Shyam Bhatia in London
British NRIs once again came together to express their solidarity with the family of Delhi gang-rape victim who later died.
This is the third time in a week that NRIs from the UK have rallied in support of the 23-year-old gang-rape victim. The first rally was organised by an IT engineer from Hyderabad last Saturday. It was followed by a meeting the following day for which a former Delhi police sub-inspector, Darshan Singh Grewal, was responsible.
Shades of political rivalry have already crept into the NRI meetings because Grewal and his supporters are associated with the BJP.
Yesterday’s condolence meeting at Ram Mandir in Southall, West London, had the backing of Labour MP Virendra Sharma, who represents the constituency of Ealing Southall and is broadly sympathetic to India’s Congress party.
Speaking before the meeting, Sharma said, “I don’t want to give the impression that this is a political issue. It is a social issue affecting our society in general. It’s an issue of women in general and their protection. Women are suffering for certain and we need to fight against that.”
The British media, meanwhile, continues to maintain an unprecedented level of interest in what happened to the Delhi gang-rape victim and the subsequent social and political fallout.
Earlier this week, the London Times commented that India is a country “that has been called the worst in the world to be a woman and after the events of the past fortnight it is not hard to see why… It is truly shocking that in a country whose democracy has survived for three quarters of a century, its daughters are not safe to travel home on the bus.”
British media columnist Libby Purves commented on how “the leader of the ruling party, Sonia Gandhi, is a woman; so are the Speaker of the lower house of Parliament and at least three chief ministers. They should be mired in bitter shame at their failure to make a difference to women below their own social and professional level”.
However, there is reluctance in the West to acknowledge that their own societies are also affected by similar and even worse cases of male-dominated brutality.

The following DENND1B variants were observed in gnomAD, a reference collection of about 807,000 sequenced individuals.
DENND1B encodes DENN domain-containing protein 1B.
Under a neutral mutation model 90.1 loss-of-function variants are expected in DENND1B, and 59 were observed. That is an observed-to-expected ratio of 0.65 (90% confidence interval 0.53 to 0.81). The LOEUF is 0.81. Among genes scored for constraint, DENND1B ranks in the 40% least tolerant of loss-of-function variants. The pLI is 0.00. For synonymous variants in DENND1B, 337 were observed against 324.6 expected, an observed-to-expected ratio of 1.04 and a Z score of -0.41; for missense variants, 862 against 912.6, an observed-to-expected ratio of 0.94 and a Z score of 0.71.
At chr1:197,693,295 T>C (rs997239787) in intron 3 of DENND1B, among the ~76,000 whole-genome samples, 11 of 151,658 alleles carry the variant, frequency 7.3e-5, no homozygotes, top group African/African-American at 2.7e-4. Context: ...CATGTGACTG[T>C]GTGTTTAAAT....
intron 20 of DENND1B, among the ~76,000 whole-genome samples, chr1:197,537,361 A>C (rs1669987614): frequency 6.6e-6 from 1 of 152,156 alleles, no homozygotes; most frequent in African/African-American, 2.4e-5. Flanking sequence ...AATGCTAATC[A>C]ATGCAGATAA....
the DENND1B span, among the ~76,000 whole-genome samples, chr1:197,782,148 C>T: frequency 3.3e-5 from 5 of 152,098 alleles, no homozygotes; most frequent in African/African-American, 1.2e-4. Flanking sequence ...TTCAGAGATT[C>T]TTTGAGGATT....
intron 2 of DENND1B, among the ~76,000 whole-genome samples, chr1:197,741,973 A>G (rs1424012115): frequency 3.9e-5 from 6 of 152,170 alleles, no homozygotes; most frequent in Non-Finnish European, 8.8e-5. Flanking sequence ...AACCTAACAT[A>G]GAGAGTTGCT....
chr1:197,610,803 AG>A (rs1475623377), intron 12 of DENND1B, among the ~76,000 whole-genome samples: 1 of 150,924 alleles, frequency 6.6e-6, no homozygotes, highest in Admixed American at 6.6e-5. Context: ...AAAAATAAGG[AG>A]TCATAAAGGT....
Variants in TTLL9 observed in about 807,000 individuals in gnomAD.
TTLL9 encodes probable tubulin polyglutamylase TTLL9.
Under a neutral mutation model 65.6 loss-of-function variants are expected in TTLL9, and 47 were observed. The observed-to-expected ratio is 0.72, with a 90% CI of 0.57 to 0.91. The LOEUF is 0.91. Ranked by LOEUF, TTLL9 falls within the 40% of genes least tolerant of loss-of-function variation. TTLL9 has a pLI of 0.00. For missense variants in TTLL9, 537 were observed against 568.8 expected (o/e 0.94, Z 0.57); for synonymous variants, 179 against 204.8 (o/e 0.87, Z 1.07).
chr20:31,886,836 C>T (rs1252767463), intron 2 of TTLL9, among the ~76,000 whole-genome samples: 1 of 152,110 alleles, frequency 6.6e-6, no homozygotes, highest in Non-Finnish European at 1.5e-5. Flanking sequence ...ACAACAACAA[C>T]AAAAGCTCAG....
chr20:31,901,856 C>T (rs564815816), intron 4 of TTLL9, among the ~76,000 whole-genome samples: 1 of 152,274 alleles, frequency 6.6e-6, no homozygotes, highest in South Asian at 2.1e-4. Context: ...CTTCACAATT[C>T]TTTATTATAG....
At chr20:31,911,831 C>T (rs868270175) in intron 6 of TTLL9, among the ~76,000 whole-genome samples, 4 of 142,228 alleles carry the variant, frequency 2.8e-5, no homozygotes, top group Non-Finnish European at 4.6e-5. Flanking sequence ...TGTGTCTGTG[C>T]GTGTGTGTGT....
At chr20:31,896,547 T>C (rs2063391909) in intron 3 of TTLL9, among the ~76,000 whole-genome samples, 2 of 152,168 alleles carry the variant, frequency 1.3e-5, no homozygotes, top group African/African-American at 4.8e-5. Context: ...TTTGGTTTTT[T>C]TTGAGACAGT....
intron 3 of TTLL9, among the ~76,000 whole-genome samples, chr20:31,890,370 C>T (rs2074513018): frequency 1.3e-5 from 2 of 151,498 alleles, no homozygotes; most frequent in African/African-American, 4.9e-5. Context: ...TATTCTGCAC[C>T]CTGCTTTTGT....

According to the UK government’s action plan on violence against women and girls, “around 400,000 women are sexually assaulted and 80,000 raped each year. In the UK, more than one in four women will experience domestic abuse since the age of 16, often with years of psychological abuse”.
Across the Channel in France, the public has yet to come to terms with the plight of two young teenagers, named only as Nina and Stephanie, who were raped virtually every day for six months by queues of young men who waited patiently for their friends to finish so that they could have a go. Following a trial last year, 10 out of 14 accused were acquitted and the remaining four were given lenient sentences.
Two weeks ago, German-born Internet tycoon Stefan Glaenzer was given an eight-week suspended sentence for thrusting his groin into an American female tourist on a train during the Olympics.
The woman tourist he assaulted was said to be disgusted and violated. Sentencing Glaenzer, Judge Michael Snow told him, “Women on the Underground are easy prey for men like you.”
West is just as culpable
Around 400,000 women are sexually assaulted and 80,000 raped each year in the UK while in four experiences domestic abuse after the age of 16
In France, two teenagers were raped virtually every day for six months by queues of young men